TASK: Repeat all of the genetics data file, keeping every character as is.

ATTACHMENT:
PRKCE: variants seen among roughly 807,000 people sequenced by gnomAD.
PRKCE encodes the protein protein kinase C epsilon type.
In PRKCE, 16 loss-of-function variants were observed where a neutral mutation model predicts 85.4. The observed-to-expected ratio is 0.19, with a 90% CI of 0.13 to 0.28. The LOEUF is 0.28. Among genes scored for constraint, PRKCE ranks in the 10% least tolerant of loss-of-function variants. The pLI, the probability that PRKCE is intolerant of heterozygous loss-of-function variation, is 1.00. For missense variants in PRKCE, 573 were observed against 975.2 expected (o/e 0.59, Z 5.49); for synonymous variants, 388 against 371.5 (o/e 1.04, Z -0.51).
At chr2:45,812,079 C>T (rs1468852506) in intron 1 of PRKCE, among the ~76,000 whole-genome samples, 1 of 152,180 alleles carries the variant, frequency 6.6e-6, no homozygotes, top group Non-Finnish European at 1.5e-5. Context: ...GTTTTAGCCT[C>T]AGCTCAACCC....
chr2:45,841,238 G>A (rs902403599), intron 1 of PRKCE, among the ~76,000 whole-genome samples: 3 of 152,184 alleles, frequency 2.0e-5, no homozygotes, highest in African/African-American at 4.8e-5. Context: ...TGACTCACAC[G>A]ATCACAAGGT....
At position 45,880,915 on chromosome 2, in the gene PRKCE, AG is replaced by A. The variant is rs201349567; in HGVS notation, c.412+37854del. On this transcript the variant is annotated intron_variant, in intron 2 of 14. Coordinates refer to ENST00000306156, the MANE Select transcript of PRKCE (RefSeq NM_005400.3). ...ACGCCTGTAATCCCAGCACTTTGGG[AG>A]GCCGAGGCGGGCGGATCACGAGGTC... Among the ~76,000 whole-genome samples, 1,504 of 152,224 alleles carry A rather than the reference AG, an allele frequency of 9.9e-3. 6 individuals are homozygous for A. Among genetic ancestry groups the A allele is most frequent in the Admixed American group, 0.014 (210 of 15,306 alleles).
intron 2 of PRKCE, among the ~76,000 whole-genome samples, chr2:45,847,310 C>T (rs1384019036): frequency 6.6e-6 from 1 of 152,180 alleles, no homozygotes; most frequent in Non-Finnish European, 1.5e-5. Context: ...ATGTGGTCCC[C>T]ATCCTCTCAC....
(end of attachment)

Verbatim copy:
PRKCE: variants seen among roughly 807,000 people sequenced by gnomAD.
PRKCE encodes the protein protein kinase C epsilon type.
In PRKCE, 16 loss-of-function variants were observed where a neutral mutation model predicts 85.4. The observed-to-expected ratio is 0.19, with a 90% CI of 0.13 to 0.28. The LOEUF is 0.28. Among genes scored for constraint, PRKCE ranks in the 10% least tolerant of loss-of-function variants. The pLI, the probability that PRKCE is intolerant of heterozygous loss-of-function variation, is 1.00. For missense variants in PRKCE, 573 were observed against 975.2 expected (o/e 0.59, Z 5.49); for synonymous variants, 388 against 371.5 (o/e 1.04, Z -0.51).
At chr2:45,812,079 C>T (rs1468852506) in intron 1 of PRKCE, among the ~76,000 whole-genome samples, 1 of 152,180 alleles carries the variant, frequency 6.6e-6, no homozygotes, top group Non-Finnish European at 1.5e-5. Context: ...GTTTTAGCCT[C>T]AGCTCAACCC....
chr2:45,841,238 G>A (rs902403599), intron 1 of PRKCE, among the ~76,000 whole-genome samples: 3 of 152,184 alleles, frequency 2.0e-5, no homozygotes, highest in African/African-American at 4.8e-5. Context: ...TGACTCACAC[G>A]ATCACAAGGT....
At position 45,880,915 on chromosome 2, in the gene PRKCE, AG is replaced by A. The variant is rs201349567; in HGVS notation, c.412+37854del. On this transcript the variant is annotated intron_variant, in intron 2 of 14. Coordinates refer to ENST00000306156, the MANE Select transcript of PRKCE (RefSeq NM_005400.3). ...ACGCCTGTAATCCCAGCACTTTGGG[AG>A]GCCGAGGCGGGCGGATCACGAGGTC... Among the ~76,000 whole-genome samples, 1,504 of 152,224 alleles carry A rather than the reference AG, an allele frequency of 9.9e-3. 6 individuals are homozygous for A. Among genetic ancestry groups the A allele is most frequent in the Admixed American group, 0.014 (210 of 15,306 alleles).
intron 2 of PRKCE, among the ~76,000 whole-genome samples, chr2:45,847,310 C>T (rs1384019036): frequency 6.6e-6 from 1 of 152,180 alleles, no homozygotes; most frequent in Non-Finnish European, 1.5e-5. Context: ...ATGTGGTCCC[C>T]ATCCTCTCAC....